"Before the J-Hop I had a good business," he told
his companions. "It was illegal and so practically my
only overhead was hush money. Oh, I had a few other
minor expenses. For one thing
I had to buy lollypops for the
kids from the Unigrational
Church.
"They would (Oxie con- +
inued) come down every Sun-
day after their classes in
church, and then I'd pass out
the suckers, one to each of
them. The little brats would
put two bucks on some nag's
nose, they'd never bet place or r
show. I'd clean their little
pants off them regularly.
"I wasn't mean to them. IfI
they wanted credit I used to
give it to them. But I'd make
them pay me back even if, as
was most often the case, they
would have to take the money
out of their daddies' pocket-
books late at night. If they
didn't pay me I'd tell their
daddies and they'd get their
litle hind ends blistered. If I
should ever have a progeny
he won't be dull-witted like
these Sunday school boys: he'll Oxie
learn his arithmetic from the Daily Racing Form.
"But all this business stopped with the J-Hop. About
three weeks ago all the college boys stopped coming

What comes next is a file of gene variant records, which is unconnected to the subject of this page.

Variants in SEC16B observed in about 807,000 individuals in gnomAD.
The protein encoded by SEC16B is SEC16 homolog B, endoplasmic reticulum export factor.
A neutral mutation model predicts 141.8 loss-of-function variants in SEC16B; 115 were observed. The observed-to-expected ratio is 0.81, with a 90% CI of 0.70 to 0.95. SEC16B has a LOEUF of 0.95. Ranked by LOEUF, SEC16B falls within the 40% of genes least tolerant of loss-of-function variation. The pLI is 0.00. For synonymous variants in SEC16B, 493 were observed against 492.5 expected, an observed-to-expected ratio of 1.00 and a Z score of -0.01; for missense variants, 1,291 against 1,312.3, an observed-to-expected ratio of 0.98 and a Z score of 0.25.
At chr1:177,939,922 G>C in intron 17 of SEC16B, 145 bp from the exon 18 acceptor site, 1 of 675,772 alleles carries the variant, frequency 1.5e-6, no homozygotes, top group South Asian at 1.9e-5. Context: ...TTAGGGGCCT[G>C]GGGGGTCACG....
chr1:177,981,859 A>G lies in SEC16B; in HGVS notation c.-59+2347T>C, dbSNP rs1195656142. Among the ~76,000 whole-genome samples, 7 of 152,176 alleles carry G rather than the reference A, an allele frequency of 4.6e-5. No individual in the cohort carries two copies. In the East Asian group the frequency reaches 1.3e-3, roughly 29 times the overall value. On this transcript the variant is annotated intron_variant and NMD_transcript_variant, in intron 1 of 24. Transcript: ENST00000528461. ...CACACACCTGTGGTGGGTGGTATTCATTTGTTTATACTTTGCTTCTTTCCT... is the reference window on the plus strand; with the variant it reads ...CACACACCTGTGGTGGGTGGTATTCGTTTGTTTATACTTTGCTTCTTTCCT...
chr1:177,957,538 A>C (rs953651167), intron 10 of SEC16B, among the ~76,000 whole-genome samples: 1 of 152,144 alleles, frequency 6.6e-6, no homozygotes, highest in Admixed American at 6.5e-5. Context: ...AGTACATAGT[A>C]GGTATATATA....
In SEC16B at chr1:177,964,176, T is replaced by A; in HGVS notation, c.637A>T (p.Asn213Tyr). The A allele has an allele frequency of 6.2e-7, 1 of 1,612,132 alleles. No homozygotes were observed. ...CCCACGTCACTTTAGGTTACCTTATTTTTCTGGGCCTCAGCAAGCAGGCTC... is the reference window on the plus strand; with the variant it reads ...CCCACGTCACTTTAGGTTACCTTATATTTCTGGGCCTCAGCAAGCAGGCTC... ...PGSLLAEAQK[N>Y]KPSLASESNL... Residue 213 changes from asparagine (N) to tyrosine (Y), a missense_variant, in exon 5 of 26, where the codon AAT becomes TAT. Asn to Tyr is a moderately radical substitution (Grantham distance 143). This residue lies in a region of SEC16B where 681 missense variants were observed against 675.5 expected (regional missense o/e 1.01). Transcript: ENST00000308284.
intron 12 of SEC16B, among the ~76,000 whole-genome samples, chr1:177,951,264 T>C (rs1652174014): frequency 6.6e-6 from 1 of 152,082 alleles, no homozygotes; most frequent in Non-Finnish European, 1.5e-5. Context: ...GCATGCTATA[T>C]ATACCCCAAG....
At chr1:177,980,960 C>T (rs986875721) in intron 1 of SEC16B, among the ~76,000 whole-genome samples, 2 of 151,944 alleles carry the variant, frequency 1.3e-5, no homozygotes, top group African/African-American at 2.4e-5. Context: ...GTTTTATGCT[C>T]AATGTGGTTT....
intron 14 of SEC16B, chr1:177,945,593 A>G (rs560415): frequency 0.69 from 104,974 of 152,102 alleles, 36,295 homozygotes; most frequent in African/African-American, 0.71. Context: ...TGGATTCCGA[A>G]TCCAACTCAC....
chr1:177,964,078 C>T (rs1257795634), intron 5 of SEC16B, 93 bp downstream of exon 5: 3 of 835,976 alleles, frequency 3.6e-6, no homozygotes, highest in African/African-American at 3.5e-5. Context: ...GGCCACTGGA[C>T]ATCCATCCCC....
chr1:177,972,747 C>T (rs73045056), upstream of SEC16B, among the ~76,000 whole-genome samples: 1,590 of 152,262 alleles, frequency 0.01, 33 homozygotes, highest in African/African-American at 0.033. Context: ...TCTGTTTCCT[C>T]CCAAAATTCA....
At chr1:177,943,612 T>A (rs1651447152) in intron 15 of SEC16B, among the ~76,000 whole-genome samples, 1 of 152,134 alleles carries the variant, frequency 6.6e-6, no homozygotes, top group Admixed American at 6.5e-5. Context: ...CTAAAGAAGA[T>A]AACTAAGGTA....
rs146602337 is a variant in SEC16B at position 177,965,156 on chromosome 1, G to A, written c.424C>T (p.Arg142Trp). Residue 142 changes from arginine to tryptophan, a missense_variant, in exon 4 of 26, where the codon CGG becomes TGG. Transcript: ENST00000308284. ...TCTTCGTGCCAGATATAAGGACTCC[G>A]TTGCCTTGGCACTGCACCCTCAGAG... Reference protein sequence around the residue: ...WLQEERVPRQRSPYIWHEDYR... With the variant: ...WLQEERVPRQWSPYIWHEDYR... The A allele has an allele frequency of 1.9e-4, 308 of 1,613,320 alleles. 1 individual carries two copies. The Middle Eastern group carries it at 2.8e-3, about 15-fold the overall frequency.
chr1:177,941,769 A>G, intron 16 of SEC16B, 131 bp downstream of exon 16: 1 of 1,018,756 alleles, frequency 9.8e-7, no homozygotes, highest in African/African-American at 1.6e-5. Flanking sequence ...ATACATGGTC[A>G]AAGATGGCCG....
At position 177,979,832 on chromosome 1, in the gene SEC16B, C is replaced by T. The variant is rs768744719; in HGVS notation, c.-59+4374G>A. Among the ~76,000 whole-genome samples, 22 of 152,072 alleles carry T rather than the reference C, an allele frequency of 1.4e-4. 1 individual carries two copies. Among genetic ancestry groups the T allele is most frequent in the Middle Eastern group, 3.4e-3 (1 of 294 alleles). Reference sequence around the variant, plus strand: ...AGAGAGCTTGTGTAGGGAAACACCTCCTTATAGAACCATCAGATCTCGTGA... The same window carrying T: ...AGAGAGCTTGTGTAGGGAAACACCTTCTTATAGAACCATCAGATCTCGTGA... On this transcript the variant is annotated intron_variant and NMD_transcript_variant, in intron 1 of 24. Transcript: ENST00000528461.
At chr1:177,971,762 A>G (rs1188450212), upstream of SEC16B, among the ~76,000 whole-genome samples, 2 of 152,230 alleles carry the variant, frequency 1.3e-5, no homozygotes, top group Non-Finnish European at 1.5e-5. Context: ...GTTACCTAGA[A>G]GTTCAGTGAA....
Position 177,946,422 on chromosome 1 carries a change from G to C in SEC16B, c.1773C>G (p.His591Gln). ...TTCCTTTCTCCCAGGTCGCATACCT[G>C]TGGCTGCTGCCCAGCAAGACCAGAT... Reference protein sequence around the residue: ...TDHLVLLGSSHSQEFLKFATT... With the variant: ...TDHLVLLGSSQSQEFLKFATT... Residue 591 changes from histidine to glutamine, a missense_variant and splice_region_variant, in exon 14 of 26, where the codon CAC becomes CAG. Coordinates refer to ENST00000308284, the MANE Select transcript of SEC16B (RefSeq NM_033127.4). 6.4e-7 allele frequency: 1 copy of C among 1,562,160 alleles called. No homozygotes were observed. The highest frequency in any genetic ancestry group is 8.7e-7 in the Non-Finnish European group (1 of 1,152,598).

down. I'd noticed about a week
before that they never had
beer on their breath when they
came up to my cage, and I
should have suspected ..."
With this Herman, who had
since dropped out of the game,
opened his yap. "I did my best
to keep them drinking beer.
For one thing, I told them if
they didn't the casks would
never be emptied and there
would consequently be no bock
- beer this springtime.
"Then I told them they
could go to the Moose twenty
times for the price of a J-Hop
ticket. But they got funny
ideas about orchestras. This
saving of money will ultimate-
ly hurt those college boys, for
with the brewing and horse-
racing industries closed down
there will be few, if any, wages
paid, and there won't be any
drunks to spend money freely.
"But, have another beer, all
s of you. I can't sell it so I
might as well give it away."
This expansiveness with
beer on Herman's part trou-
Sambo bled Oxie's conscience. Ac-
cordingly, the latter did what he always did when
he felt obligated: he guided Herman into a dark corner
of the basement and gave him a tip on a horse at Hia-
leah for last Thursday. Roxie practically rationalized